I’ve been traveling in Maharashtra this week, talking to engineering companies about how they have become internationally competitive, modernizing their manufacturing processes and turning out products that people want to buy – things that they didn’t need to worry about before the economic reforms of the 1990s, and that have begun to come good in the past few years.
Yesterday I went to Pune, which is re-emerging as a major engineering center, and met Rajiv Bajaj, the 40-year old managing director of Bajaj Auto, once a fantastically profitable scooter company and now being rebuilt as a leading and profitable motor bike business.
Rebuilding is precisely the right word to use because Bajaj has built two new factories in recent years and this week produced the surprising news that he is stopping manufacture of two-wheelers at a massive old plant adjacent to the group’s headquarters in Akurdi, outside Pune. Akurdi has been the home of the group since it started producing two-wheelers in 1960, so this is an emotional event. It will continue to house the headquarters and produce components, but it will no longer be the manufacturing and assembly base.
To achieve this with as little pain as possible, Bajaj has come up with an unusual solution. From this weekend, 2,200 employees are being told to stay at home and not report for work – on full pay, which will continue till their normal retirement. Many of them are in their 40s, so that is quite a long time to go on paying: but Rajiv Bajaj says it is no more expensive for the company, and may indeed be cheaper than a redundancy scheme that would involve lengthy and probably bitter trade union negotiations.
“This is the first time in India that someone has tried to do this – what is right for the company with no loss to the workers,” he says. Legally, if the employees find a new job, they should resign from Bajaj, but in India’s uncontrolled labor market, with many people holding more than one job, that seems unlikely to happen.
For the company, it makes sense because producing the two-wheelers at another factory saves it $25 per vehicle, which roughly covers the cost of paying the home-bound employees at the current production rate of 300,000 vehicles a year. Profits will be made when production increases – the two-year target is 500,000.
Bajaj says the plan is also better for the employees than a humiliating solution that is favored by some companies: making employees clock in each day but giving them no work to do. Bajaj’s trade unions are however threatening legal action.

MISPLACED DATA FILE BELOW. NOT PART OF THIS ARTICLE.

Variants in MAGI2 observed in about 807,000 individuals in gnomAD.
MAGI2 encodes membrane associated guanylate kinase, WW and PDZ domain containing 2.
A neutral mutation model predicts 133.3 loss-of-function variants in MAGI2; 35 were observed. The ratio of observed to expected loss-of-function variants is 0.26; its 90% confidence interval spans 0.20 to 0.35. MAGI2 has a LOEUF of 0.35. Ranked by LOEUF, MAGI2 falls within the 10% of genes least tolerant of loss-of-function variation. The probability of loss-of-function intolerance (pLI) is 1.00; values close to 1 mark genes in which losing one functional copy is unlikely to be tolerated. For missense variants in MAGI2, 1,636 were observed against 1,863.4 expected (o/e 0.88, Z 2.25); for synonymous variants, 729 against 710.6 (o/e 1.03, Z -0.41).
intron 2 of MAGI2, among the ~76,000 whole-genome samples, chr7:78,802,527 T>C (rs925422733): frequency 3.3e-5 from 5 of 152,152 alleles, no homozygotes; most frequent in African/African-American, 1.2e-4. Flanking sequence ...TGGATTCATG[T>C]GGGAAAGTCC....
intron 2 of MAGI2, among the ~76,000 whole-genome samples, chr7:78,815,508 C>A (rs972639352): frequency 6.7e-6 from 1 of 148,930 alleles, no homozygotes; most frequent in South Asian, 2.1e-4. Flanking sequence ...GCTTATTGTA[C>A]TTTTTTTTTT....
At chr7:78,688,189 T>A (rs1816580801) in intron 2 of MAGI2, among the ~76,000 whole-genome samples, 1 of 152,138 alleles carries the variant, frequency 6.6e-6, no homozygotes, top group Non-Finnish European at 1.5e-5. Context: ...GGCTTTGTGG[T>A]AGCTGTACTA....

The closure is tough on those involved because Bajaj admits that it is “not being done because of any failure on the part of the workmen or the management”. It is largely due to “the impact of government policies on capacity rationalization, chiefly the regional distortions created by inconsistent tax benefits and the continuing evil of octroi in the state of Maharashtra”.
Bajaj estimates that a third of his 1,000-rupee saving per vehicle will come from tax concessions elsewhere, a third from not paying octroi (an ancient form of state-level taxation collected on the borders of individual municipalities) and a third from rationalized production. The tax benefits refer to breaks available in under-developed areas, and both Bajaj’s new factories are in such locations.
Octroi has now been abolished in most Indian states and is not applied in special development areas, but it does operate for most of Maharashtra. It is levied at a rate of 4% on all goods brought into the area, and is not refundable when products leave. It causes massive traffic jams on highways, where trucks queue up at boundary collection points, delaying deliveries and leading to massive corruption.
“Octroi is nothing but an excuse to sustain corruption – lorry drivers pay bribes every day to the collectors,” says Bajaj. The problem is widespread. Jamshyd Godrej, chairman of Godrej & Boyce Manufacturing, a leading engineering products company, says his refrigerator and other appliance factories have been moved away from the headquarters site on the outskirts of Mumbai. The empty buildings have been leased to software companies such as Tata Consultancy Services, which escape octroi payments because they do not bring in hardware.
It is a pity to finish this post, which was supposed to be about modernizing engineering companies, with the perennial subject of corruption – but this is India.